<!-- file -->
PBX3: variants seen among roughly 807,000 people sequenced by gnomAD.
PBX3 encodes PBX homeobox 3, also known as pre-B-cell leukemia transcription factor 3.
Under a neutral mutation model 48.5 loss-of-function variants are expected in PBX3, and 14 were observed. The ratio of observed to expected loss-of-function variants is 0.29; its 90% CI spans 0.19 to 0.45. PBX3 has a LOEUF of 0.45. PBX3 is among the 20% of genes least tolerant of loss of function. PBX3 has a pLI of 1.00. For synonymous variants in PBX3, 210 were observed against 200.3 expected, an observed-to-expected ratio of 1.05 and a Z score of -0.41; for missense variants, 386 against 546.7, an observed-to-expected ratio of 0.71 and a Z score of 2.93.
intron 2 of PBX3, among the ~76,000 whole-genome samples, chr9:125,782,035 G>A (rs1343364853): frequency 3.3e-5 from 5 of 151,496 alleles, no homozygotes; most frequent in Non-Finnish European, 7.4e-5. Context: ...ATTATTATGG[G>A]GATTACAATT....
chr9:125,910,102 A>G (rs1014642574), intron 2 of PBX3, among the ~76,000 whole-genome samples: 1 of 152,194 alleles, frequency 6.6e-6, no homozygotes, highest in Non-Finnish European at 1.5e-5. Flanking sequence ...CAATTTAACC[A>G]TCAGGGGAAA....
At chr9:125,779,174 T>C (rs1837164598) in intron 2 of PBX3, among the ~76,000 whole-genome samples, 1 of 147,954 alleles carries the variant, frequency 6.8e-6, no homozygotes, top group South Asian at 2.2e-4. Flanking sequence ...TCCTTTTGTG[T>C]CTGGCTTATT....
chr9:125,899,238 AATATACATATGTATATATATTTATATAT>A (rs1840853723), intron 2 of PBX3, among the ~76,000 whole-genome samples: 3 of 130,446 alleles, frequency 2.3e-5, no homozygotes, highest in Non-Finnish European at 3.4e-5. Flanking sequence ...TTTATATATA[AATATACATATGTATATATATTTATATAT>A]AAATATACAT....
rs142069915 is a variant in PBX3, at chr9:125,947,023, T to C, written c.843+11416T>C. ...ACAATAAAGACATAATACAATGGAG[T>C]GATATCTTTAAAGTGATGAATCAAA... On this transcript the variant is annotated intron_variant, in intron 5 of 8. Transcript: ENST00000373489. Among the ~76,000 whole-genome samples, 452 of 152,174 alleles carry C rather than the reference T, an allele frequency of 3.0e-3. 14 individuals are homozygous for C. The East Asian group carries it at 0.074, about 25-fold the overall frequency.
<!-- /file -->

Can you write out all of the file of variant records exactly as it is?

PBX3: variants seen among roughly 807,000 people sequenced by gnomAD.
PBX3 encodes PBX homeobox 3, also known as pre-B-cell leukemia transcription factor 3.
Under a neutral mutation model 48.5 loss-of-function variants are expected in PBX3, and 14 were observed. The ratio of observed to expected loss-of-function variants is 0.29; its 90% CI spans 0.19 to 0.45. PBX3 has a LOEUF of 0.45. PBX3 is among the 20% of genes least tolerant of loss of function. PBX3 has a pLI of 1.00. For synonymous variants in PBX3, 210 were observed against 200.3 expected, an observed-to-expected ratio of 1.05 and a Z score of -0.41; for missense variants, 386 against 546.7, an observed-to-expected ratio of 0.71 and a Z score of 2.93.
intron 2 of PBX3, among the ~76,000 whole-genome samples, chr9:125,782,035 G>A (rs1343364853): frequency 3.3e-5 from 5 of 151,496 alleles, no homozygotes; most frequent in Non-Finnish European, 7.4e-5. Context: ...ATTATTATGG[G>A]GATTACAATT....
chr9:125,910,102 A>G (rs1014642574), intron 2 of PBX3, among the ~76,000 whole-genome samples: 1 of 152,194 alleles, frequency 6.6e-6, no homozygotes, highest in Non-Finnish European at 1.5e-5. Flanking sequence ...CAATTTAACC[A>G]TCAGGGGAAA....
At chr9:125,779,174 T>C (rs1837164598) in intron 2 of PBX3, among the ~76,000 whole-genome samples, 1 of 147,954 alleles carries the variant, frequency 6.8e-6, no homozygotes, top group South Asian at 2.2e-4. Flanking sequence ...TCCTTTTGTG[T>C]CTGGCTTATT....
chr9:125,899,238 AATATACATATGTATATATATTTATATAT>A (rs1840853723), intron 2 of PBX3, among the ~76,000 whole-genome samples: 3 of 130,446 alleles, frequency 2.3e-5, no homozygotes, highest in Non-Finnish European at 3.4e-5. Flanking sequence ...TTTATATATA[AATATACATATGTATATATATTTATATAT>A]AAATATACAT....
rs142069915 is a variant in PBX3, at chr9:125,947,023, T to C, written c.843+11416T>C. ...ACAATAAAGACATAATACAATGGAG[T>C]GATATCTTTAAAGTGATGAATCAAA... On this transcript the variant is annotated intron_variant, in intron 5 of 8. Transcript: ENST00000373489. Among the ~76,000 whole-genome samples, 452 of 152,174 alleles carry C rather than the reference T, an allele frequency of 3.0e-3. 14 individuals are homozygous for C. The East Asian group carries it at 0.074, about 25-fold the overall frequency.